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Ceremonies for end-to-end verifiable elections

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Ceremonies for end-to-end verifiable elections. / Kiayias, Aggelos ; Zacharias, Thomas ; Zhang, Bingsheng.

PKC 2017: Public-Key Cryptography – PKC 2017 : 20th IACR International Conference on Practice and Theory in Public-Key Cryptography, Amsterdam, The Netherlands, March 28-31, 2017, Proceedings, Part II Editors (view affiliations). Springer, 2017. p. 305-334 (Lecture Notes in Computer Science; Vol. 10175).

Research output: Contribution in Book/Report/Proceedings - With ISBN/ISSNConference contribution/Paperpeer-review

Harvard

Kiayias, A, Zacharias, T & Zhang, B 2017, Ceremonies for end-to-end verifiable elections. in PKC 2017: Public-Key Cryptography – PKC 2017 : 20th IACR International Conference on Practice and Theory in Public-Key Cryptography, Amsterdam, The Netherlands, March 28-31, 2017, Proceedings, Part II Editors (view affiliations). Lecture Notes in Computer Science, vol. 10175, Springer, pp. 305-334. https://doi.org/10.1007/978-3-662-54388-7_11

APA

Kiayias, A., Zacharias, T., & Zhang, B. (2017). Ceremonies for end-to-end verifiable elections. In PKC 2017: Public-Key Cryptography – PKC 2017 : 20th IACR International Conference on Practice and Theory in Public-Key Cryptography, Amsterdam, The Netherlands, March 28-31, 2017, Proceedings, Part II Editors (view affiliations) (pp. 305-334). (Lecture Notes in Computer Science; Vol. 10175). Springer. https://doi.org/10.1007/978-3-662-54388-7_11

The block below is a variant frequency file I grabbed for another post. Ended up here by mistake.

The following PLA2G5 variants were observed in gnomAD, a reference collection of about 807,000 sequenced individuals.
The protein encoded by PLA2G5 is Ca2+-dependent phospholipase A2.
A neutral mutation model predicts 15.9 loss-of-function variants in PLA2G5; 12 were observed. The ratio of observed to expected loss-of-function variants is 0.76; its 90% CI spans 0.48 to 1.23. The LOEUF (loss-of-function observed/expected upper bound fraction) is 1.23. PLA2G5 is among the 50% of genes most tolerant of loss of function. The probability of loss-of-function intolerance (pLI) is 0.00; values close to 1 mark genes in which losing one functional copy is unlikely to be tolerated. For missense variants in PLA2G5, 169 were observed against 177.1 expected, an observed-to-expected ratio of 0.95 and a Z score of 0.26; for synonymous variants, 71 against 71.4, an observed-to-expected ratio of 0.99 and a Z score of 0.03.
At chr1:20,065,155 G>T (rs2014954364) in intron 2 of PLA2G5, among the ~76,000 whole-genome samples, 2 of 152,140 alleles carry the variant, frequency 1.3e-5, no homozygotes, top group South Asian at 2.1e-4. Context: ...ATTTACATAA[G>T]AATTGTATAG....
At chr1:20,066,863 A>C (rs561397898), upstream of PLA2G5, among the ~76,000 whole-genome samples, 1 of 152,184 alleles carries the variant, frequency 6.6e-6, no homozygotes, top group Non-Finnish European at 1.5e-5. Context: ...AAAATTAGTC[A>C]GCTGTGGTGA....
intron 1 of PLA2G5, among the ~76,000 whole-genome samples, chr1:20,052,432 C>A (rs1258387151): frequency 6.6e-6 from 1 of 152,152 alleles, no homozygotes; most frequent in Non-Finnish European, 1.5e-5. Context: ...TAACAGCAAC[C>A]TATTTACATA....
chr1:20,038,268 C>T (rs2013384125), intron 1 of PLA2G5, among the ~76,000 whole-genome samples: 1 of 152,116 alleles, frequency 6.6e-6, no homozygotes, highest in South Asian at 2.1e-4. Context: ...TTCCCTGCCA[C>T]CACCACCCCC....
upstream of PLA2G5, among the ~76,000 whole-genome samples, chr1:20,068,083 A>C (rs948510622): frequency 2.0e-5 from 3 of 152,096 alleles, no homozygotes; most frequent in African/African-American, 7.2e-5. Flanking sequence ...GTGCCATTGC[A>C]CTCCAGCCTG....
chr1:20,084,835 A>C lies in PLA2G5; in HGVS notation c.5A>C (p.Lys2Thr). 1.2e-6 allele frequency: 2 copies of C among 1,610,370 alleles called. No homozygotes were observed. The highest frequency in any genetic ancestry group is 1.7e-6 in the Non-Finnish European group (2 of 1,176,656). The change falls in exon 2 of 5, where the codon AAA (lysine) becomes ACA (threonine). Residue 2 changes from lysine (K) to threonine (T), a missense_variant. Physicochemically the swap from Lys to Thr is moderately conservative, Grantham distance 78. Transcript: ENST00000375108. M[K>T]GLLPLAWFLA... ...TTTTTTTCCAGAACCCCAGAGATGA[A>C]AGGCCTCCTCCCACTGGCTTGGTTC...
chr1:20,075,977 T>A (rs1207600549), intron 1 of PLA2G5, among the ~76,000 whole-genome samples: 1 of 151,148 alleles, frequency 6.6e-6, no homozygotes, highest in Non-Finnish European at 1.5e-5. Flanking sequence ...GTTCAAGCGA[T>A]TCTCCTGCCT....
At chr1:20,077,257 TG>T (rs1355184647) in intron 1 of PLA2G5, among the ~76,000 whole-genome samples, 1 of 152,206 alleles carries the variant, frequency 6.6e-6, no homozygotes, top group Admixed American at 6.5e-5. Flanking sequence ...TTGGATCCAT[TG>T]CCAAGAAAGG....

Vancouver

Kiayias A, Zacharias T, Zhang B. Ceremonies for end-to-end verifiable elections. In PKC 2017: Public-Key Cryptography – PKC 2017 : 20th IACR International Conference on Practice and Theory in Public-Key Cryptography, Amsterdam, The Netherlands, March 28-31, 2017, Proceedings, Part II Editors (view affiliations). Springer. 2017. p. 305-334. (Lecture Notes in Computer Science). https://doi.org/10.1007/978-3-662-54388-7_11

Author

Kiayias, Aggelos ; Zacharias, Thomas ; Zhang, Bingsheng. / Ceremonies for end-to-end verifiable elections. PKC 2017: Public-Key Cryptography – PKC 2017 : 20th IACR International Conference on Practice and Theory in Public-Key Cryptography, Amsterdam, The Netherlands, March 28-31, 2017, Proceedings, Part II Editors (view affiliations). Springer, 2017. pp. 305-334 (Lecture Notes in Computer Science).

Bibtex

@inproceedings{36df4b0eec8945f887981b42e746b845,
title = "Ceremonies for end-to-end verifiable elections",